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Re: Is Steely Dan Worth It?


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. . . which was called 'Going For Baroque'.


At the University of Minnesota where the Golden Gopher is the mascot, the phrase is "Gopher Baroque".

Given the thread, Bach to the Future is also relevant.

rvance
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Re: Is Steely Dan Worth It?


Quote:
Now you know that I'm not going to take a statement like that and just let it go. Why don't we compare the discographies of Steely Dan and Charles Lloyd and just see which one as stayed fresh and relevant over the past 32 years.

Sorry, Jazzfan- "Relevance" is just one of those lame, pejorative buzzwords left over from the dumb part of the '60's that trips my switch. I think of all those whiny, professional students crying for a college curriculum that reflects their self-absorption and belief that only the politically correct, new and trendy has any value. It was the death of critical thinking. When I studied Latin in high school everyone complained that it wasn't relevant.

I can't think of a term less meaningful in the study or appreciation of anything worthwhile than "relevant." It just reeks.

jazzfan
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Re: Is Steely Dan Worth It?


Quote:
Sorry, Jazzfan- "Relevance" is just one of those lame, pejorative buzzwords left over from the dumb part of the '60's that trips my switch. I think of all those whiny, professional students crying for a college curriculum that reflects their self-absorption and belief that only the politically correct, new and trendy has any value. It was the death of critical thinking. When I studied Latin in high school everyone complained that it wasn't relevant.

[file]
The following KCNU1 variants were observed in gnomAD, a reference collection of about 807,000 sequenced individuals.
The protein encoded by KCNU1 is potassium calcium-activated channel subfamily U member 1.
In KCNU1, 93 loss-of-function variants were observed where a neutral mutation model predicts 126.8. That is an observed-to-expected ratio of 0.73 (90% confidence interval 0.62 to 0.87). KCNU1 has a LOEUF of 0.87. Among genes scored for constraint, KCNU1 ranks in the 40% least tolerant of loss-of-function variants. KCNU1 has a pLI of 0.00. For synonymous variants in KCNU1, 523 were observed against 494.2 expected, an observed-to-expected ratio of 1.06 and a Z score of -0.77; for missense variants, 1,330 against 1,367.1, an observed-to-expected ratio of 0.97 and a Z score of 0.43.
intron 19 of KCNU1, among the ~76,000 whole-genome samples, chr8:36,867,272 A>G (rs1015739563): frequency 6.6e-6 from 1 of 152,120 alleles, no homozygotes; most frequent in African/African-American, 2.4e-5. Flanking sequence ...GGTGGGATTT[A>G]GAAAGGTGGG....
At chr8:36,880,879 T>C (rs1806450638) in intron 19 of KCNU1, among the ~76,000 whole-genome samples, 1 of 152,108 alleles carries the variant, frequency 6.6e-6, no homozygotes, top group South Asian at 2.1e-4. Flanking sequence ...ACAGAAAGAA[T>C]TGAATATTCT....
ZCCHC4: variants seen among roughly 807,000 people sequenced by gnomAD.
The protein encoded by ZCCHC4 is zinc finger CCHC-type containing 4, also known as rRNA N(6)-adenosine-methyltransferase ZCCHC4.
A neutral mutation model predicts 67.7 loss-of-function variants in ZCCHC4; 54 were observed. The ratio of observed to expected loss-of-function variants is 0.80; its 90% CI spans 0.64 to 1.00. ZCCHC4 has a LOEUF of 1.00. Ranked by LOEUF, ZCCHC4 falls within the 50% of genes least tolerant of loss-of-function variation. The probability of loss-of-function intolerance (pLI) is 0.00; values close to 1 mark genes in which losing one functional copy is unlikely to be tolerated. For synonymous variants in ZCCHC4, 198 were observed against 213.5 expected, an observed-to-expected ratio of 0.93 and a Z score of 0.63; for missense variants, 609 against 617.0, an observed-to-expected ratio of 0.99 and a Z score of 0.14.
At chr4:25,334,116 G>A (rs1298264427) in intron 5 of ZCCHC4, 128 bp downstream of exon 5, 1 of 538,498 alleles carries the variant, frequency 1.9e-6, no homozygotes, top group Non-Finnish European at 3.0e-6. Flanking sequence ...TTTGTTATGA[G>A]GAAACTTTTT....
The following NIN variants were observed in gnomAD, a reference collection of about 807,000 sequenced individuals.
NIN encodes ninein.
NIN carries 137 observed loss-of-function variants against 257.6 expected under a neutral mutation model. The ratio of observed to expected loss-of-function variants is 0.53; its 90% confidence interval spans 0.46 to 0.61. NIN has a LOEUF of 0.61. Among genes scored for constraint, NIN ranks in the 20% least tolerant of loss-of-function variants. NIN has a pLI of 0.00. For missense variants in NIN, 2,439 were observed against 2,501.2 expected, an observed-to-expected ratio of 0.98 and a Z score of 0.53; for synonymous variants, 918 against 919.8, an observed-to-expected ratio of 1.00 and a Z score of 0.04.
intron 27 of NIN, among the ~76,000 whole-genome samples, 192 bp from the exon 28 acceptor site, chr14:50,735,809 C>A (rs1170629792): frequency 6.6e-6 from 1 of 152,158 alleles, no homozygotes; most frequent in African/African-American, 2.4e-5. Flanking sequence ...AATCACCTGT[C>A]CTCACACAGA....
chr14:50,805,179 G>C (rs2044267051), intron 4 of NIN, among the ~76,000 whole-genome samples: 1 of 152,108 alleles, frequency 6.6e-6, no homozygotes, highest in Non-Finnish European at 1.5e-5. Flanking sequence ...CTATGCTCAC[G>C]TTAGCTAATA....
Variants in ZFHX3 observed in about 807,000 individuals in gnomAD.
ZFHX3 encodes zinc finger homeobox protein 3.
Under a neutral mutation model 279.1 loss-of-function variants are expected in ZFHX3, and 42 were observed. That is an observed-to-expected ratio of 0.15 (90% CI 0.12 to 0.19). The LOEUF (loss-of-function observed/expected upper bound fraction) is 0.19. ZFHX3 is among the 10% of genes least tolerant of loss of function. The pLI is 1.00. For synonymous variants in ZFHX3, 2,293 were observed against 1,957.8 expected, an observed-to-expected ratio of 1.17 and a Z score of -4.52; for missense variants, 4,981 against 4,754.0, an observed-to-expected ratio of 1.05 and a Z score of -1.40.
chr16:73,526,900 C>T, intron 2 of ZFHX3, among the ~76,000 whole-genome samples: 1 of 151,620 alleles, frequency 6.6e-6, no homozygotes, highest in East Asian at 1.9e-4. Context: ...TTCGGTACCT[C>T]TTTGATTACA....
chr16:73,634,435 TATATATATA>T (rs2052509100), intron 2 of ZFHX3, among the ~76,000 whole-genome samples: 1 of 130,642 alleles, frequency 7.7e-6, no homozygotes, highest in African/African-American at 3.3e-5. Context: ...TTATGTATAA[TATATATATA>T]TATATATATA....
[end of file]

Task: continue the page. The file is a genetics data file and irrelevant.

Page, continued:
I can't think of a term less meaningful in the study or appreciation of anything worthwhile than "relevant." It just reeks.

I know what you mean since I have a similar reaction "sustainable" and all it's variations.

Back to the topic at hand, I suppose that deep down what really upsets me about all these reformed rock groups from the 1060s and 1970s doing tours after not producing any new music (as a group) in god knows how long is that the whole thing reminds me of some of the entertainment in Las Vegas. You know how in Vegas there always seems to be at least one act appearing at one of the casinos that makes you scratch your head and think "Now where the hell did they dig them/him/her up from?" In other words, the generation of my youth is now becoming the nostalgia generation looking for ways to relive their now lost youth. The only difference is that these many of these reformed groups are/were popular enough to be able to play concert halls rather than Vegas lounges.

Here are some other long gone groups that we might get to see once again and where we might have to go to see them (Note: Dead or missing members are of little or no importance, just witness The Who and Led Zepplin):

The Hello People - Vegas lounge

Grin - small venue

The Byrds - large venue

The Beatles - the Grand Canyon

Crosby, Stills, Nash and Young - The Super Dome

The Hollies - small venue

The Zombies - small venue (but this time they would really be zombies)

The Band - large venue